Peptide Synthesis on Glass Substrate Using Acoustic Droplet Ejector

Peptide Synthesis on Glass Substrate Using Acoustic Droplet Ejector 556 235 IEEE Transactions on Biomedical Engineering (TBME)

Youngki Choe, Shih-jui Chen, and Eun Sok Kim, University of Southern California
Volume: 61, Issue: 3, Page:705-710


This paper describes our recent synthesis of glycine peptides with various molecular lengths (1 – 9 mers) on a modified glass surface using an acoustic droplet ejector and SPOTTM peptide synthesis protocol. Usage of an acoustic droplet ejector (based on silicon Fresnel lens) reduced the spot size for peptide synthesis through dispensing nanoliter droplets of pre-activated amino acid solution on photo-lithographically defined active spots (1 mm in diameter) on a glass substrate where the dispensed liquid keeps its spot boundary with minimal spreading. The stepwise coupling yield was measured to be 96%, and the final yield of a 9-mers-long peptide synthesis was measured to be 70% when estimated from light intensity coming from FITC fluorescent tag.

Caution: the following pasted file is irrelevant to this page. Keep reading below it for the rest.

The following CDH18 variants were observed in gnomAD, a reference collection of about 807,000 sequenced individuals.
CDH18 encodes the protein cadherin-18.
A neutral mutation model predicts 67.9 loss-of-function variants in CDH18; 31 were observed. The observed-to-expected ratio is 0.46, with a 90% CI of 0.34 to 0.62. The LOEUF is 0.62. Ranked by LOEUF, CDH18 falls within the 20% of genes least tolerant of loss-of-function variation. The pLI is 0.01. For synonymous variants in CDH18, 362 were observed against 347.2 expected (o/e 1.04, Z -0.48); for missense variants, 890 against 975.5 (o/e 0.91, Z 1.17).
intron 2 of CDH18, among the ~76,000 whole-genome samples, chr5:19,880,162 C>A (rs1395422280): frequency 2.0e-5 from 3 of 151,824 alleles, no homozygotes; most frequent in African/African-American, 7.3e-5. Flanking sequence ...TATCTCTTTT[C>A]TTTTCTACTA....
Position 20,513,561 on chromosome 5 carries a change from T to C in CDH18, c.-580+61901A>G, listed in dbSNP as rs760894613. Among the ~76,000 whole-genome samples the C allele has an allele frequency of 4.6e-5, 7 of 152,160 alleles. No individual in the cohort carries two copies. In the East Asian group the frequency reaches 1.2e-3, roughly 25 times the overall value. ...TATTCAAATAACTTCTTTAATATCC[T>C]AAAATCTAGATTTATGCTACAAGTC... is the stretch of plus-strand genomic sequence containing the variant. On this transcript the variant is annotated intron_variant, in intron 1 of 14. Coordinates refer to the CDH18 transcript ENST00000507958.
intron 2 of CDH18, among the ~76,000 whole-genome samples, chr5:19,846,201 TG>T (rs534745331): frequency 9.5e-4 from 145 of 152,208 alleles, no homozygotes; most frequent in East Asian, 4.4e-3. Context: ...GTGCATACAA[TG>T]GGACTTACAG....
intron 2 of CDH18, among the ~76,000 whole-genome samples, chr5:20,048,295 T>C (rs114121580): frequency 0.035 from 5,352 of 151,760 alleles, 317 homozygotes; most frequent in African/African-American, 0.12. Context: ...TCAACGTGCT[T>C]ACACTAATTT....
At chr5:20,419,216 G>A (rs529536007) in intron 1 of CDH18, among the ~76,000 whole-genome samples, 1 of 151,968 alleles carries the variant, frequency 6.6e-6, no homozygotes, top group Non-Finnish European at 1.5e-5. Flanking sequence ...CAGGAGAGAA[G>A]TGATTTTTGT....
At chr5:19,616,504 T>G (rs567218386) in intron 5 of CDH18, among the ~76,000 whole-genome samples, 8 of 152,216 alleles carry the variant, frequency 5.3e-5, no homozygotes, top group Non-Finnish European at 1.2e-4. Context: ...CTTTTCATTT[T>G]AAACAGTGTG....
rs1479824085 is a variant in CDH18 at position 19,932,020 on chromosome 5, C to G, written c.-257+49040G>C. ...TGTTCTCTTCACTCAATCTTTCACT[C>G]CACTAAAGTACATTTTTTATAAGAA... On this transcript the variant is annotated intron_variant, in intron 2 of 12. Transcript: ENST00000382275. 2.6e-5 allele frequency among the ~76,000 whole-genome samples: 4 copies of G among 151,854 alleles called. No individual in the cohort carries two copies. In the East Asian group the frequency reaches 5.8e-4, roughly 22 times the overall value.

Solid phase peptide synthesis (SPPS) has been used in synthesizing peptides for decades and achieved very high yield. However, SPPS is not suitable for peptide synthesis on a solid surface for peptide microarray. SPOTTM technique, based on same chemical basis with SPPS, allows parallel synthesis of different peptide sequences on multiple spots on a solid surface, but has relied on a liquid dispensing technique that is bulky, imprecise in volume control, and not easily scalable. Through this paper, we demonstrate that SPOTTM technique can be innovated with a MEMS-based acoustic droplet ejector that is scalable, and is capable of dispensing liquid with precise volume control and placement accuracy. Thus, we have shown a pathway to massive parallel synthesis of peptide array on a solid surface with minimal amounts of amino acids.